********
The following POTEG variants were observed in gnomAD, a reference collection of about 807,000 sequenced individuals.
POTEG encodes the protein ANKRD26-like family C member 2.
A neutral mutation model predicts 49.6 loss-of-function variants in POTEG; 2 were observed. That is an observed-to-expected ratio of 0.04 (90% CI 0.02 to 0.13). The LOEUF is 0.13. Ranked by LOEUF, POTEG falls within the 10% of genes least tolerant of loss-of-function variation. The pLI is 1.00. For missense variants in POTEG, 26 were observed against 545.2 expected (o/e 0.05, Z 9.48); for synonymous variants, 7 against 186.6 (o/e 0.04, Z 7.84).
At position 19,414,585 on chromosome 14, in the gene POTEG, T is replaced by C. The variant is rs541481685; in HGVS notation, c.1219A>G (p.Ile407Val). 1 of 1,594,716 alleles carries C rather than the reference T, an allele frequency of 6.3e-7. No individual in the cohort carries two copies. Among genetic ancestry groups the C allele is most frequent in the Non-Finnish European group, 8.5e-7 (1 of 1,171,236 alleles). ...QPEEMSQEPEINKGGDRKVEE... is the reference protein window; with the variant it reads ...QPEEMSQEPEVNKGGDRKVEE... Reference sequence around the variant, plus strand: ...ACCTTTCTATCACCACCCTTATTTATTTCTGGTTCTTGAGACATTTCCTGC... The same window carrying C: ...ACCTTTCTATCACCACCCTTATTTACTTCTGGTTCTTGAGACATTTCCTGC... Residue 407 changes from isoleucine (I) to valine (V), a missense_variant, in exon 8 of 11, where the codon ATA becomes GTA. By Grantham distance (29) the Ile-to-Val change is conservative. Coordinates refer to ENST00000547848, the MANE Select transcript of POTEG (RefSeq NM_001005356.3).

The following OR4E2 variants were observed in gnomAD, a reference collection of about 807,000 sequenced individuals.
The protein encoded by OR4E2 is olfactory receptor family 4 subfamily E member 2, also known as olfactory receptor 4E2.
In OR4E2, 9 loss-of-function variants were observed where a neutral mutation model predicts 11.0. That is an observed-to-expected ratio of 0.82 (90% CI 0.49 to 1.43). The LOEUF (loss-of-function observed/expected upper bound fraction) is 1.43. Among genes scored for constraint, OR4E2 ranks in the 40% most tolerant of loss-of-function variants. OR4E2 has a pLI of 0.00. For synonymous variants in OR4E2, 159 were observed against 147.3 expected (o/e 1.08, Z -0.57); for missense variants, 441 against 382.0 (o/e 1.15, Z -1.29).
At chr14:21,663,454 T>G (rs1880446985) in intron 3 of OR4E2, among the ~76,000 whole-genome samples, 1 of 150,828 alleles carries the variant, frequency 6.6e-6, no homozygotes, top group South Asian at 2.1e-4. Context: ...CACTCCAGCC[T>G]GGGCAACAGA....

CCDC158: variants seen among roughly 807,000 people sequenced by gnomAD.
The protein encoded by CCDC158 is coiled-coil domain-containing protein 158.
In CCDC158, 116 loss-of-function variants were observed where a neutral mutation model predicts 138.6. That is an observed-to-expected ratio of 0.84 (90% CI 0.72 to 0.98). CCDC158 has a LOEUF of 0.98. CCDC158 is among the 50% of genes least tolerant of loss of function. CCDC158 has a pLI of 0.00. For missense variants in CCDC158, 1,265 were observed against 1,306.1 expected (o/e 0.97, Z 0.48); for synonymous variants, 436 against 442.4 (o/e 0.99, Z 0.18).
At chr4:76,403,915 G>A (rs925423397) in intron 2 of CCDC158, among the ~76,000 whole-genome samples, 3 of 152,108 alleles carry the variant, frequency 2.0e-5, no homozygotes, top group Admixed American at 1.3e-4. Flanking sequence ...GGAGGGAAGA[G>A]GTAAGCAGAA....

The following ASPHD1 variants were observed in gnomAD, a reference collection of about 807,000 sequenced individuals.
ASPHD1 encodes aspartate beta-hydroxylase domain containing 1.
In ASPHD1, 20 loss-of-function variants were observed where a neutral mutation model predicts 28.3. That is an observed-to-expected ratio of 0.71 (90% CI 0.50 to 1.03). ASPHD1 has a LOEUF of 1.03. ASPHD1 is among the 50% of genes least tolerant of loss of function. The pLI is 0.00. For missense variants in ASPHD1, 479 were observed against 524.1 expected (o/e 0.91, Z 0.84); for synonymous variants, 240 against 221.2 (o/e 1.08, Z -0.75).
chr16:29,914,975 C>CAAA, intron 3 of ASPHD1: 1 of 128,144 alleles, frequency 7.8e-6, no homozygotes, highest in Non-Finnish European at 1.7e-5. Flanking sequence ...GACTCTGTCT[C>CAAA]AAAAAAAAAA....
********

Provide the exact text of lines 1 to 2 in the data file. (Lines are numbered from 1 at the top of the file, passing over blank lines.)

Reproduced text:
The following POTEG variants were observed in gnomAD, a reference collection of about 807,000 sequenced individuals.
POTEG encodes the protein ANKRD26-like family C member 2.